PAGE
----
Secondly, that we should be encouraged to take alternative career paths. Not all of us should think about being a partner in a law firm or an accountancy firm by 35 or become a millionaire before we're 30 (even though there's nothing wrong with acheiving this). Sometimes, it might be more worthwile to pursue our dreams of opening up a restaurant or being a travel writer, a musician, a marine biologist, a social worker, and the list goes on.

Finally, if we're fortunate enough to be successful (financial or otherwise) in our endeavors, don't forget to give back to society!

PhD scholarships University of Sheffield

Got this from a friend who's doing his PhD in Geography in Sheffield. It's rare that a UK university is this generous (with fees and stipend) for non-UK/EU students. I'd encourage those who are thinking of doing a PhD in these related fields to look into this scholarship. Details below:


For September 2007

Applications are invited from suitably qualified candidates wishing to study in one or more of the following areas:
· Society, space and power
· Postcolonial studies and the global South
· Urban and regional studies
· Spatial policy analysis and governance
· Property market analysis and housing studies
· Planning, theory and practice
· Comparative European studies in planning and regional governance

The Department is England’s highest-rated Planning Department (5a in the last RAE; 23/24 in the Teaching Quality Assessment) and fosters a lively research culture in its postgraduate Research School.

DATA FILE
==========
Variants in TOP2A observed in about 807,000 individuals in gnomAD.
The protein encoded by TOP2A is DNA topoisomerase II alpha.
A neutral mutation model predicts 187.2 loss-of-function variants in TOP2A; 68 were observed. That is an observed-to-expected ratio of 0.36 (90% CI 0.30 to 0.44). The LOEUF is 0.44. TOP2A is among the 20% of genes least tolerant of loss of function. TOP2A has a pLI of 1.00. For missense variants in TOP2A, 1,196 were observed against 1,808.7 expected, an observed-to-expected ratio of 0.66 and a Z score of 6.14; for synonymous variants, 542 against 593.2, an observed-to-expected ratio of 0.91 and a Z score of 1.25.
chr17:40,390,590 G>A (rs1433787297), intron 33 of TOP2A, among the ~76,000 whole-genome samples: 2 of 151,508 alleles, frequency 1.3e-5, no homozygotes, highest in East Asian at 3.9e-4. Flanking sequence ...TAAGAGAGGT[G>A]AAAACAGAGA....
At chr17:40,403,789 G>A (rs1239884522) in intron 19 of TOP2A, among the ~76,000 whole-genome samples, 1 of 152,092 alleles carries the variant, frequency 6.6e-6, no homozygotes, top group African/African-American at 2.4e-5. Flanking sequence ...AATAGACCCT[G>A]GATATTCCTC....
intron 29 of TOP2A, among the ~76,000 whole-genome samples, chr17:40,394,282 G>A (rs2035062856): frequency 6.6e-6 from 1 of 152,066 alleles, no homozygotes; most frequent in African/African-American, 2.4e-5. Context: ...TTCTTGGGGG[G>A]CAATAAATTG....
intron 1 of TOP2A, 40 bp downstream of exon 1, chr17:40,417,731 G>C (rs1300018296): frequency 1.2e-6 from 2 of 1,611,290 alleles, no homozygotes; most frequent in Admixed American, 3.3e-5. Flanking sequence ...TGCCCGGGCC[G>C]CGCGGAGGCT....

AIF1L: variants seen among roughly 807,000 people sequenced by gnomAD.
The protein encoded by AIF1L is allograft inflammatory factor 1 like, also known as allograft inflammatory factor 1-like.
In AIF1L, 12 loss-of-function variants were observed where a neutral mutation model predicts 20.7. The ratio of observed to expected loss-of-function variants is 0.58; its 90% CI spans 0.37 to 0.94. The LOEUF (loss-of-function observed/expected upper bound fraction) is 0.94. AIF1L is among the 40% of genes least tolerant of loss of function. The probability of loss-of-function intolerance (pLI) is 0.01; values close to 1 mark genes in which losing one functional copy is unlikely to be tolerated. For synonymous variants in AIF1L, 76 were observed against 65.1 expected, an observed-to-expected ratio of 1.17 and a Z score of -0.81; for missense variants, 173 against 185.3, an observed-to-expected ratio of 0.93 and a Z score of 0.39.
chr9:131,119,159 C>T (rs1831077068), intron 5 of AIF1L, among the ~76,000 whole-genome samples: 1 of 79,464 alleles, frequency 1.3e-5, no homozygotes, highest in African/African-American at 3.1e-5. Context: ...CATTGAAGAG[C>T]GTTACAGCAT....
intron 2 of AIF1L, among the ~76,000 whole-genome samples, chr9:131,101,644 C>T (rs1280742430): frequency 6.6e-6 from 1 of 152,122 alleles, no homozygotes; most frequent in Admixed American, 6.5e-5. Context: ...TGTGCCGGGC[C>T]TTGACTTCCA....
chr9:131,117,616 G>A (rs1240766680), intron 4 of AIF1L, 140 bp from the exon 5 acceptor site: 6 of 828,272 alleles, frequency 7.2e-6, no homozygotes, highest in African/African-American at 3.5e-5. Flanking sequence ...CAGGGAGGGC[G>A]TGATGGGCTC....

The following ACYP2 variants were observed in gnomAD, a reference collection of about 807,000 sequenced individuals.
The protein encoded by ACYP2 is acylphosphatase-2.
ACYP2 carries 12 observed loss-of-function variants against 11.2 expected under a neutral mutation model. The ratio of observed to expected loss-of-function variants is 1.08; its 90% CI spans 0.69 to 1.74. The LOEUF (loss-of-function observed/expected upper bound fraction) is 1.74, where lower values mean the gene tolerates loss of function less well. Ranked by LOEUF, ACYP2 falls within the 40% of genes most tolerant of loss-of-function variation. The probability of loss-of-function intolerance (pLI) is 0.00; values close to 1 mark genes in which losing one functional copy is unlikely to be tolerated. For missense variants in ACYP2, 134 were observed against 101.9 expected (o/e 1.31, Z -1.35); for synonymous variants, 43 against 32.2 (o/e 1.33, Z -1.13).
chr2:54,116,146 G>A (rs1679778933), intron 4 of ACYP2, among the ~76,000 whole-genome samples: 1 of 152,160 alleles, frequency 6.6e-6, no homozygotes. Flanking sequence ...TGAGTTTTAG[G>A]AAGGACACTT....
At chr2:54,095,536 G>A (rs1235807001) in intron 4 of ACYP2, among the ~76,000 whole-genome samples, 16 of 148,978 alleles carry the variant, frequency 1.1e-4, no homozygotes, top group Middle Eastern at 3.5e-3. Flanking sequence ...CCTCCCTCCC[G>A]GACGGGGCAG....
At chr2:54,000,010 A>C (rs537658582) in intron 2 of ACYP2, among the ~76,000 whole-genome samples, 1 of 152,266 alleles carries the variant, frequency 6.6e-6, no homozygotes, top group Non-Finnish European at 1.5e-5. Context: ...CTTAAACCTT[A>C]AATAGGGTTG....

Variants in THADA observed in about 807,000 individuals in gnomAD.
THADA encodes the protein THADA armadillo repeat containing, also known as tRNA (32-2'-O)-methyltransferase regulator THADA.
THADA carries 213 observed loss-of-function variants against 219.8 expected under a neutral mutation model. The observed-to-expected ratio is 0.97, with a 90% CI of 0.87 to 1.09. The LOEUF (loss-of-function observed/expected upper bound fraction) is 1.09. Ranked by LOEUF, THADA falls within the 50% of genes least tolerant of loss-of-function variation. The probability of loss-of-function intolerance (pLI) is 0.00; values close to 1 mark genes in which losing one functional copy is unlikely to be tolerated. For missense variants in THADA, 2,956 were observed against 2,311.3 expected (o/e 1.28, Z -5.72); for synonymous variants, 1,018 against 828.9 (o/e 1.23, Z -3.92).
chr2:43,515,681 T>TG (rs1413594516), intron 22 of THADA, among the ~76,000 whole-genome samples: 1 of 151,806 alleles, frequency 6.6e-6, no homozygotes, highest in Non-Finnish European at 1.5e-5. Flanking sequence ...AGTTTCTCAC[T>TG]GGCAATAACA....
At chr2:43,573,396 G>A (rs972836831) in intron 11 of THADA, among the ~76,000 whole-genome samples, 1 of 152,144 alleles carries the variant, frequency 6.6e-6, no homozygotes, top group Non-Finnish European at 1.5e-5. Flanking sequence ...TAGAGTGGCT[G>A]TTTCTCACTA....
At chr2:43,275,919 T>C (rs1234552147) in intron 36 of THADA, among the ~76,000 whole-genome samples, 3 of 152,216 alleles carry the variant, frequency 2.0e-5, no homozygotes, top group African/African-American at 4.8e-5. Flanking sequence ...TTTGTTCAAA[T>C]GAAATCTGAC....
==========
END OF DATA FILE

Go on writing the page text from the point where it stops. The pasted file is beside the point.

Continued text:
For more information about the Department visit:

University of Sheffield Studentships

There is also the opportunity for UK, EU and international candidates to apply for
University Studentships which offer tuition fees at the UK/EU rate, a maintenance
grant of between £6,300-£12,300 per annum, and a Research Training Support Grant.

This scheme will offer both one-year and three-year maintenance awards to new
postgraduate students.

Further details can be found at:

Applications for admission should be made before 30 March and applications for the Studentships should be made to the Department by 2 May 2007

University of Sheffield Fee Scholarships

A limited number of University Fee Scholarships are also available which cover
UK/EU tuition fees or part international tuition fees.


Further information

For an informal discussion about research interests and topics, contact Dr. Margo
Huxley ( Tel: 0114 222 6929).
For general information about application procedures, contact Keely Robinson
( Tel: 0114 222 6180)

Wednesday, March 21, 2007

4 Malaysians accepted by MIT

At the risk of sounding like an elitist, I was recently informed by Andrew Loh that 4 Malaysians got into MIT for the next academic year, fall of 2007 or Class of 2011. Congrats to Sugasini (BNM scholar), the humble Ashley, the kiasu Tung Shen who's already frantically downloading his courses for the fall semester (are you sure you didn't study in Singapore?) and Wei Jian, the Math genius who's currently studying in Singapore. I'm sure you guys will have a great time at MIT figuring out how to put firetrucks on top of buildings! But seriously, it is indeed rare for 4 Malaysians to get into MIT in one year. Hopefully, these fellas won't have set the bar too high for other Malaysians to get into MIT in the future!